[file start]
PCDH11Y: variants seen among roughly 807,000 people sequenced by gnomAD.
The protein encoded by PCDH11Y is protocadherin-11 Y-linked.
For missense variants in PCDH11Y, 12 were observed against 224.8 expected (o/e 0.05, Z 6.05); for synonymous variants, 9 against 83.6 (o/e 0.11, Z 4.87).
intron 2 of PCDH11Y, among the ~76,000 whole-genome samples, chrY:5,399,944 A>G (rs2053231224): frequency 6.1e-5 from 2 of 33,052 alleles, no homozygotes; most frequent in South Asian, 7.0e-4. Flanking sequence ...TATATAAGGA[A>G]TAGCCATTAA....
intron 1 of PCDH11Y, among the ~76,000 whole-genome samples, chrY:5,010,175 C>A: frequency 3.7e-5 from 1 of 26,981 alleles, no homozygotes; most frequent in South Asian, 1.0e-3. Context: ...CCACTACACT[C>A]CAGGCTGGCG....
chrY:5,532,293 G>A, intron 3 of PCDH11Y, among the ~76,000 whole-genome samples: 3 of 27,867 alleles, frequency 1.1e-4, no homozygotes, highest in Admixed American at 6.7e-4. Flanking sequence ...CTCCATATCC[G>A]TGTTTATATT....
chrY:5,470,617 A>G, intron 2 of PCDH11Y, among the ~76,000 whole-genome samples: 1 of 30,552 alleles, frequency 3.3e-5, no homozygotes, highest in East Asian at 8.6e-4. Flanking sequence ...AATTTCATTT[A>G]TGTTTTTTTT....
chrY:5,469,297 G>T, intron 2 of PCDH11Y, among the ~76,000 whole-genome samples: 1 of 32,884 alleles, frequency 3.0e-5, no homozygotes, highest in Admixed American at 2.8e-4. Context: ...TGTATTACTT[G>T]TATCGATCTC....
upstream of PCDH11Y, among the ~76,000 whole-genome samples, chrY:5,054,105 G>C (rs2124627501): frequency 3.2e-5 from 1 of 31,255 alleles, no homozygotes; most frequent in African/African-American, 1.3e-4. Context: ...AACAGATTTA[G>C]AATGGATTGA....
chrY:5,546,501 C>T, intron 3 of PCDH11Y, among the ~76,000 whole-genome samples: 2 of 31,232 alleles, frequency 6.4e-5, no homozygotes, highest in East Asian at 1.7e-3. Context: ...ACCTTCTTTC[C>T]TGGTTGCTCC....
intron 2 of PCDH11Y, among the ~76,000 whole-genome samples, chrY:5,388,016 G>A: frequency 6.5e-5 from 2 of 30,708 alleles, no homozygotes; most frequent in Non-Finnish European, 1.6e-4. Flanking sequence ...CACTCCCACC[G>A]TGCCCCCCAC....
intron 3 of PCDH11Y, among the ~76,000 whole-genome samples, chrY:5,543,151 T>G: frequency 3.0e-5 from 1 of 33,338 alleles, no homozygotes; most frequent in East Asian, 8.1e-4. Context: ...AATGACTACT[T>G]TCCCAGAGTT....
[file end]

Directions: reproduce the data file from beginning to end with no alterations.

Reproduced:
PCDH11Y: variants seen among roughly 807,000 people sequenced by gnomAD.
The protein encoded by PCDH11Y is protocadherin-11 Y-linked.
For missense variants in PCDH11Y, 12 were observed against 224.8 expected (o/e 0.05, Z 6.05); for synonymous variants, 9 against 83.6 (o/e 0.11, Z 4.87).
intron 2 of PCDH11Y, among the ~76,000 whole-genome samples, chrY:5,399,944 A>G (rs2053231224): frequency 6.1e-5 from 2 of 33,052 alleles, no homozygotes; most frequent in South Asian, 7.0e-4. Flanking sequence ...TATATAAGGA[A>G]TAGCCATTAA....
intron 1 of PCDH11Y, among the ~76,000 whole-genome samples, chrY:5,010,175 C>A: frequency 3.7e-5 from 1 of 26,981 alleles, no homozygotes; most frequent in South Asian, 1.0e-3. Context: ...CCACTACACT[C>A]CAGGCTGGCG....
chrY:5,532,293 G>A, intron 3 of PCDH11Y, among the ~76,000 whole-genome samples: 3 of 27,867 alleles, frequency 1.1e-4, no homozygotes, highest in Admixed American at 6.7e-4. Flanking sequence ...CTCCATATCC[G>A]TGTTTATATT....
chrY:5,470,617 A>G, intron 2 of PCDH11Y, among the ~76,000 whole-genome samples: 1 of 30,552 alleles, frequency 3.3e-5, no homozygotes, highest in East Asian at 8.6e-4. Flanking sequence ...AATTTCATTT[A>G]TGTTTTTTTT....
chrY:5,469,297 G>T, intron 2 of PCDH11Y, among the ~76,000 whole-genome samples: 1 of 32,884 alleles, frequency 3.0e-5, no homozygotes, highest in Admixed American at 2.8e-4. Context: ...TGTATTACTT[G>T]TATCGATCTC....
upstream of PCDH11Y, among the ~76,000 whole-genome samples, chrY:5,054,105 G>C (rs2124627501): frequency 3.2e-5 from 1 of 31,255 alleles, no homozygotes; most frequent in African/African-American, 1.3e-4. Context: ...AACAGATTTA[G>C]AATGGATTGA....
chrY:5,546,501 C>T, intron 3 of PCDH11Y, among the ~76,000 whole-genome samples: 2 of 31,232 alleles, frequency 6.4e-5, no homozygotes, highest in East Asian at 1.7e-3. Context: ...ACCTTCTTTC[C>T]TGGTTGCTCC....
intron 2 of PCDH11Y, among the ~76,000 whole-genome samples, chrY:5,388,016 G>A: frequency 6.5e-5 from 2 of 30,708 alleles, no homozygotes; most frequent in Non-Finnish European, 1.6e-4. Flanking sequence ...CACTCCCACC[G>A]TGCCCCCCAC....
intron 3 of PCDH11Y, among the ~76,000 whole-genome samples, chrY:5,543,151 T>G: frequency 3.0e-5 from 1 of 33,338 alleles, no homozygotes; most frequent in East Asian, 8.1e-4. Context: ...AATGACTACT[T>G]TCCCAGAGTT....